Export (0) Print
Expand All
1 out of 1 rated this helpful - Rate this topic

GPO Details

Updated: April 7, 2003

Applies To: Windows Server 2003, Windows Server 2003 R2, Windows Server 2003 with SP1, Windows Server 2003 with SP2

There are a variety of details about GPOs that are useful for troubleshooting and other purposes. For example, since the data for a given GPO is stored in both Active Directory and Sysvol, it’s important to have details about of these components. As shown in Figure 18, the Details tab of any GPO displays this type of information and other useful attributes.

6e1931fe-70d7-4b77-9908-b2bb319ad082

Figure 18

The Details tab of a GPO shows the following information:

  • The domain where the GPO is defined.

  • The owner of the GPO. In most cases this is the user that created the GPO. However, if a member of the Domain Admins group creates the GPO, then Domain Admins will be the owner.

  • The date and time when the GPO was created.

  • The date and time when the GPO was last modified.

  • The version number for the user configuration component of the GPO. This is broken out into a version number for the Active Directory component and the Sysvol component. In a healthy GPO, these numbers should match. However, the user version numbers need not match the computer version numbers.

  • The version number for the computer configuration component of the GPO. This is broken out into a version number for the Active Directory component and one for the Sysvol component. In a healthy GPO, these numbers should match. However, the computer version numbers need not match the user version numbers.

  • The unique ID of the GPO, also known as the GPO GUID.

  • The GPO Status. This indicates whether either the user configuration or computer configuration of the GPO is enabled or disabled. It can have four possible values:

    • Enabled.

    • User configuration settings disabled.

    • Computer configuration settings disabled.

    • All settings disabled.

Ensuring consistency of permissions on a GPO

Each Group Policy object (GPO) is stored partly in the Sysvol on the domain controller and partly in Active Directory. GPMC, Group Policy Object Editor, and the old Group Policy user interface provided in the Active Directory snap-ins present and manage a GPO as a single unit. For example, when you set permissions on a GPO in GPMC, GPMC is actually setting permissions on objects in both Active Directory and the Sysvol.

It is essential that the permissions in the Active Directory component are consistent with the Sysvol component for a given GPO. It is not recommended that you manipulate these separate objects independently outside of GPMC and Group Policy Object Editor. Doing so can potentially cause Group Policy processing on the client to fail, or certain users that should normally have access may no longer be able to edit a GPO. Furthermore, file system objects and directory service objects don’t have the same available permissions since they are different types of objects. So in the event of a permissions mismatch, it might not be immediately apparent how to make them consistent.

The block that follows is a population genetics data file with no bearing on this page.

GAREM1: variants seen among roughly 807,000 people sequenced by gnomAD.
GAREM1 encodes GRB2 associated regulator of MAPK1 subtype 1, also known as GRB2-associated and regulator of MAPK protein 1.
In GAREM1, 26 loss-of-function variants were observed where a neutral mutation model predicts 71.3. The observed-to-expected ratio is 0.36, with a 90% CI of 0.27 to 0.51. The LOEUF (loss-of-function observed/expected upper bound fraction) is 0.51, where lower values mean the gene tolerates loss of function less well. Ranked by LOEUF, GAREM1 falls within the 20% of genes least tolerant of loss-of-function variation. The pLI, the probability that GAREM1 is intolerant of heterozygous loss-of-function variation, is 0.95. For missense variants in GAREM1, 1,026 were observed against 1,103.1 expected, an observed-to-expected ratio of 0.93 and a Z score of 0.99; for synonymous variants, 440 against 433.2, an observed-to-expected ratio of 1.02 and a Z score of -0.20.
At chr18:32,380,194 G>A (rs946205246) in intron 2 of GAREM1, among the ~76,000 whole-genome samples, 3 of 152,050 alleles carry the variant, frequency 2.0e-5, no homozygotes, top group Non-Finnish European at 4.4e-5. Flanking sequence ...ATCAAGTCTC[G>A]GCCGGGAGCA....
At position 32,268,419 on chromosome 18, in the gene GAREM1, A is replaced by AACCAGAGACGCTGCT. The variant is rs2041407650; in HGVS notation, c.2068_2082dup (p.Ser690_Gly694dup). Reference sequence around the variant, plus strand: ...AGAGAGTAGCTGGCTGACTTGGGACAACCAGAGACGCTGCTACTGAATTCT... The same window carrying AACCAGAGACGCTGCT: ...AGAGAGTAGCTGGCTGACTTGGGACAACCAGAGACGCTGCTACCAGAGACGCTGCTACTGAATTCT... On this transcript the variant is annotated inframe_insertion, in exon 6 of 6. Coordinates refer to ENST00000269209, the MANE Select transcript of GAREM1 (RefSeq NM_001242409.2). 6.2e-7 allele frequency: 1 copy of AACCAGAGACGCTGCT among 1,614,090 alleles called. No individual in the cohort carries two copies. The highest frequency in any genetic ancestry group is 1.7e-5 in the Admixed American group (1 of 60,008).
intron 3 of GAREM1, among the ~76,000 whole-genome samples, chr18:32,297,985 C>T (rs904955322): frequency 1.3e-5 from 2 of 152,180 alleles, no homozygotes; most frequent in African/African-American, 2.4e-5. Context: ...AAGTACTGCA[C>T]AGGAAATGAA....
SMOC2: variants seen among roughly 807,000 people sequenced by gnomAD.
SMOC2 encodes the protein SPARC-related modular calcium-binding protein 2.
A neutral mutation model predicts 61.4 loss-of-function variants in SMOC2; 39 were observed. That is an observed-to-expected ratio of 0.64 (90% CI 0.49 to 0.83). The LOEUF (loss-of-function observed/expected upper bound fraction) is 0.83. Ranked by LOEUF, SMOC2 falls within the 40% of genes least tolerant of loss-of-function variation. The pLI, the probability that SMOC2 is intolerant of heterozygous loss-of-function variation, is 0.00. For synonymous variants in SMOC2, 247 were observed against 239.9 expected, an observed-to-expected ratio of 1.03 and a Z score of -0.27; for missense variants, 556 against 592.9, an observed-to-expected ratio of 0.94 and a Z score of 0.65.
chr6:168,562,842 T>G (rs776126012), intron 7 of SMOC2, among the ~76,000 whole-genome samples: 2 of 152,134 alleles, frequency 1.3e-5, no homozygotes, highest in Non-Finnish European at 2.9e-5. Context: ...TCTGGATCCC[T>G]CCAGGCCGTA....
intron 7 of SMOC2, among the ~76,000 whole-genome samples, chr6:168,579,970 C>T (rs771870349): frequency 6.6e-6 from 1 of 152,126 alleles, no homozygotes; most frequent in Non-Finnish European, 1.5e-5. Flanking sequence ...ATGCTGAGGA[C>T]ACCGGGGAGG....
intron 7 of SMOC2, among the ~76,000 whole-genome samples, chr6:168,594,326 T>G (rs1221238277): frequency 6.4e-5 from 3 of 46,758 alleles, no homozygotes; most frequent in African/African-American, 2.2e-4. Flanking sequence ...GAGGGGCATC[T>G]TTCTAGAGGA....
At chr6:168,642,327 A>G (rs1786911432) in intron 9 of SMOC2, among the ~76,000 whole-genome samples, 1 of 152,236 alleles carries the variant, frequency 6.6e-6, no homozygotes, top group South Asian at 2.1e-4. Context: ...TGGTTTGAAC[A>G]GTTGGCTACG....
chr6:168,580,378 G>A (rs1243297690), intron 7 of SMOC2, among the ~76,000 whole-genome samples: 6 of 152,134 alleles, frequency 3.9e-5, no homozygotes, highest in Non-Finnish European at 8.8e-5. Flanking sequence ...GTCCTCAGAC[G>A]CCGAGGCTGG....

To help you ensure that the security for the Active Directory and Sysvol component of a given GPO is consistent, GPMC will automatically check the consistency of the permissions of any GPO when you navigate to the GPO using GPMC. If it detects a problem with that GPO, you will be presented with one of the following dialog boxes, depending on whether you have permission to modify security on that GPO:

  • “The permissions for this GPO in the SYSVOL folder are inconsistent with those in Active Directory. It is recommended that these permissions be consistent. To change the permissions in SYSVOL to those in Active Directory, click OK.”

  • “The permissions for this GPO in the SYSVOL folder are inconsistent with those in Active Directory. It is recommended that these permissions be consistent. Contact an administrator who has rights to modify security on this GPO.”

If you have permission to modify security on the GPO, you should click OK in this dialog box. This action will reset the permission on the Sysvol component of the GPO to be consistent with the existing permissions on the Active Directory component of the GPO. Note that the information presented on the Delegation tab (and Security Filtering section) for a GPO is based on the Active Directory component of the GPO, so this will simply correctly ensure that the permissions you see in the GPMC UI are being applied to that GPO.

noteNote
When running GPMC in a Windows 2000 domain, clicking on either the Default Domain Policy or the Default Domain Controllers Policy opens the dialog box described above. This is the result of a bug in Windows 2000 that is expected to be fixed in Windows 2000 Service Pack 4. The issue occurs because the Access Control List (ACL) on the Sysvol portion of the GPO is mistakenly set to inherit permissions from the parent folder. If you have permissions to modify security on the default GPOs, you should click OK in this dialog box. This will correct the problem by modifying the ACLs on the Sysvol portion to make them consistent with the ACLs on the Active Directory component. In this case, it will remove the inheritance attribute in the Sysvol.

Did you find this helpful?
(1500 characters remaining)
Thank you for your feedback

Community Additions

ADD
Show:
© 2014 Microsoft. All rights reserved.